BIOGEOGRAPHIC HISTORY OF THE JAVAN LEOPARD PANTHERA PARDUS BASED ON A CRANIOMETRIC ANALYSIS

  • Meijaard E
  • 219

    Readers

    Mendeley users who have this article in their library.
  • 34

    Citations

    Citations of this article.

Abstract

The leopard, Panthera pardus, occurs on Java, Indonesia, but is absent from Sumatra and Borneo, the islands that lie between Java and the rest of the leopard's geographic range. Recent molecular research has suggested that Javan leopards are a distinct taxon that split off from other Asian leopards hundreds of thousands of years ago, which raises the question of how the species arrived on Java but apparently bypassed Borneo and Sumatra. I have further investigated this issue by linking the results of a morphometric analysis of 121 leopard skulls to my palaeoenvironmental reconstructions for the region. The results suggest that the Javan leopard is craniometrically distinct from leopards from the rest of Asia. I hypothesize that in the Middle Pleistocene (about 800 x 103 years ago) leopards migrated to Java from South Asia across a land bridge that bypassed Sumatra and Borneo. During the last glacial maximum, when Java, Borneo, and Sumatra were connected, leopards could not survive on either Borneo or Sumatra because of the islands' relatively low ungulate biomass and competition from other large carnivores that were better adapted to tropical evergreen forest habitat.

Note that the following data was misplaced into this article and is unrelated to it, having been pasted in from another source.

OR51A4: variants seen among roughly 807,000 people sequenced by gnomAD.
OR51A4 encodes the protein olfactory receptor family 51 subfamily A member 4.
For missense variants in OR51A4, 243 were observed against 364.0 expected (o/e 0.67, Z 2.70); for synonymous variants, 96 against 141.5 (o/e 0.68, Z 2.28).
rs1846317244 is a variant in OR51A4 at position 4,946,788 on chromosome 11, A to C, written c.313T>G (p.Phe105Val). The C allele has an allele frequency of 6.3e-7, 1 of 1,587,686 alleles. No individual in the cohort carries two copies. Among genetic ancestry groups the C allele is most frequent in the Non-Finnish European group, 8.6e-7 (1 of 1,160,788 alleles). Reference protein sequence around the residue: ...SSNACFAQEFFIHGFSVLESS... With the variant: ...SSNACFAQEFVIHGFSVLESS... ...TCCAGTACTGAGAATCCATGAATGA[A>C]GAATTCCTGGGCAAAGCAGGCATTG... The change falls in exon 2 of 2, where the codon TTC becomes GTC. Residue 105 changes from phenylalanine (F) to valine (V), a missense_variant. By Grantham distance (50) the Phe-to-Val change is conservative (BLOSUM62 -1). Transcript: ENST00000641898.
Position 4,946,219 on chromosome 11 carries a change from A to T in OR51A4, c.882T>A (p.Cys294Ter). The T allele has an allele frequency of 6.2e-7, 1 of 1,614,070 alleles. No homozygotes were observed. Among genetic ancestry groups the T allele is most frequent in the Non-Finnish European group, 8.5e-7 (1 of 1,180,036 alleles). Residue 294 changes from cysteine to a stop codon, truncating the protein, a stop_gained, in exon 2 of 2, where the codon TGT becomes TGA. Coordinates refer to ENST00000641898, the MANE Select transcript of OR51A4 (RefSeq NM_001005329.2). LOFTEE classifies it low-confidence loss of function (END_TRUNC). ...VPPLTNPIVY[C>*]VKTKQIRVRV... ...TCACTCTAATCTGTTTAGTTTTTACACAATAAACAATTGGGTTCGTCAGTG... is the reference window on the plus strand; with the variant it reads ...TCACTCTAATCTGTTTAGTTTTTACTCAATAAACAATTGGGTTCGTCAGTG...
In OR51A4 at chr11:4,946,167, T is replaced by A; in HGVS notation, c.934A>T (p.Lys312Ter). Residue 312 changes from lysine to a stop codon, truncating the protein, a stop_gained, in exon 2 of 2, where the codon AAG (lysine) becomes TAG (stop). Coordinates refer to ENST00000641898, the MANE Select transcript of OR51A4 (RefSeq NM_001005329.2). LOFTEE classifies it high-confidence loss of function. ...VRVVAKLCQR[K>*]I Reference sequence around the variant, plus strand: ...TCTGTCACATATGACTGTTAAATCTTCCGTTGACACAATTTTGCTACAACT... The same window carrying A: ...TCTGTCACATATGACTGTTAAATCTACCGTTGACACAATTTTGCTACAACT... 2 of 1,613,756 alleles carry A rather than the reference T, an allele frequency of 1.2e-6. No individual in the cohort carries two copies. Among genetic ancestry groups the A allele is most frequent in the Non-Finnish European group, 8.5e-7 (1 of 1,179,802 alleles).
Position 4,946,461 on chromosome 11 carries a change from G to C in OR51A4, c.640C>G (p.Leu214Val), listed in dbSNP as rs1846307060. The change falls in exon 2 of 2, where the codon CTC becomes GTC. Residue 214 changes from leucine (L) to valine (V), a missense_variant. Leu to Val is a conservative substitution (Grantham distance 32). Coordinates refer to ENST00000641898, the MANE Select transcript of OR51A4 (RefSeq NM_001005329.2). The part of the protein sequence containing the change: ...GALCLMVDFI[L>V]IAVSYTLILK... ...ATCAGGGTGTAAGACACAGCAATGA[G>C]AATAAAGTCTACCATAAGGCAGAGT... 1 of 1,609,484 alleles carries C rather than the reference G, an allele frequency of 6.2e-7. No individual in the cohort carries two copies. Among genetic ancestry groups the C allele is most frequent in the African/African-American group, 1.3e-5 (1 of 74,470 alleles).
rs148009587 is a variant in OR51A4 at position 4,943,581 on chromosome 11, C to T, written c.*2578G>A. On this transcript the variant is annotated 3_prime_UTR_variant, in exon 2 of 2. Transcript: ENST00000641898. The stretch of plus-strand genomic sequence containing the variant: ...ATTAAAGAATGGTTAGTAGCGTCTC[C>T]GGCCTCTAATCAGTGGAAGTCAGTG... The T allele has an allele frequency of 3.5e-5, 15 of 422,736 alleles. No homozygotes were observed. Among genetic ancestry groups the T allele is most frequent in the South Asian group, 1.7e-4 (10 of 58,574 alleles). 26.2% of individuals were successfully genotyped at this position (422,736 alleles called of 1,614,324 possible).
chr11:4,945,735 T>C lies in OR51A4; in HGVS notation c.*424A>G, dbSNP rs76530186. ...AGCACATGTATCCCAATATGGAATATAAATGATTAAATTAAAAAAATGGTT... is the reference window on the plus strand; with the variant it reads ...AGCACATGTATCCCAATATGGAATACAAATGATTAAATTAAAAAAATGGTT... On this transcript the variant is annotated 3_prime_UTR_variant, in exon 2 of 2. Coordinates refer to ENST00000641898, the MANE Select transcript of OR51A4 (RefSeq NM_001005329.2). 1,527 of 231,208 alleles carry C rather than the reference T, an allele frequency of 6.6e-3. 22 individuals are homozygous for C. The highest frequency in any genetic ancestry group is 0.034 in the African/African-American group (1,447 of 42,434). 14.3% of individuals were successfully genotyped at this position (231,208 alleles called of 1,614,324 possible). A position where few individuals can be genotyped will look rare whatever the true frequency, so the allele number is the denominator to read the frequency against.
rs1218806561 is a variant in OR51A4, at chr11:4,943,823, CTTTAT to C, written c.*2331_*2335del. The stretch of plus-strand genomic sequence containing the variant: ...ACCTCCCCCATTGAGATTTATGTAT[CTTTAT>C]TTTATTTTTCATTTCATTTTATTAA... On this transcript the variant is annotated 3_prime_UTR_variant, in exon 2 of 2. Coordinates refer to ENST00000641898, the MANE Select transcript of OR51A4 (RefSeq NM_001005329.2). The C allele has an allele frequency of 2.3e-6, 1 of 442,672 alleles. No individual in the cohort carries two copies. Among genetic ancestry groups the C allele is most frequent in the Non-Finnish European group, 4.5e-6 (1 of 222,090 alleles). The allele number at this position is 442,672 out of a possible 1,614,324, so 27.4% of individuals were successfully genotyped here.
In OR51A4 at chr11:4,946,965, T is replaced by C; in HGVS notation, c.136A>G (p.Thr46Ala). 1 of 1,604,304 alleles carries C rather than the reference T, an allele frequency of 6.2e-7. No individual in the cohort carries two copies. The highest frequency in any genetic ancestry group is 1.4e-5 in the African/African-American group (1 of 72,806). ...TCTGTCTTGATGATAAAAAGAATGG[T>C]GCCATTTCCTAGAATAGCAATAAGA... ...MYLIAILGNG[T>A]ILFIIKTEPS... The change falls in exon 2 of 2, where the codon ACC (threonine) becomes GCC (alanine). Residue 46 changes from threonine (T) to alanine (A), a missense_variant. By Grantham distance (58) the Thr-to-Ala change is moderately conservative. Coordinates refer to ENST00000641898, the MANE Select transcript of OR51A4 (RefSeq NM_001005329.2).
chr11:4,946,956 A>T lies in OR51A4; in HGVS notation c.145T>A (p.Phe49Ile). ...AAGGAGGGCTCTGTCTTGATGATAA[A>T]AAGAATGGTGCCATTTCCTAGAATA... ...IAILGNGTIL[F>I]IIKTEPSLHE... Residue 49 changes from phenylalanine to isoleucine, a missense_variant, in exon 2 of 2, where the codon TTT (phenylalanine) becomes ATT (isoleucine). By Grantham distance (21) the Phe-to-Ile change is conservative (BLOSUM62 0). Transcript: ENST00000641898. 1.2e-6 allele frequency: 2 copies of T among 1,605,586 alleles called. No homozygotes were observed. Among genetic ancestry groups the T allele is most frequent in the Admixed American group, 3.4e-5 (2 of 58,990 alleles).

Get free article suggestions today

Mendeley saves you time finding and organizing research

Sign up here
Already have an account ?Sign in

Find this document

Authors

  • Erik Meijaard

Cite this document

Choose a citation style from the tabs below

Save time finding and organizing research with Mendeley

Sign up for free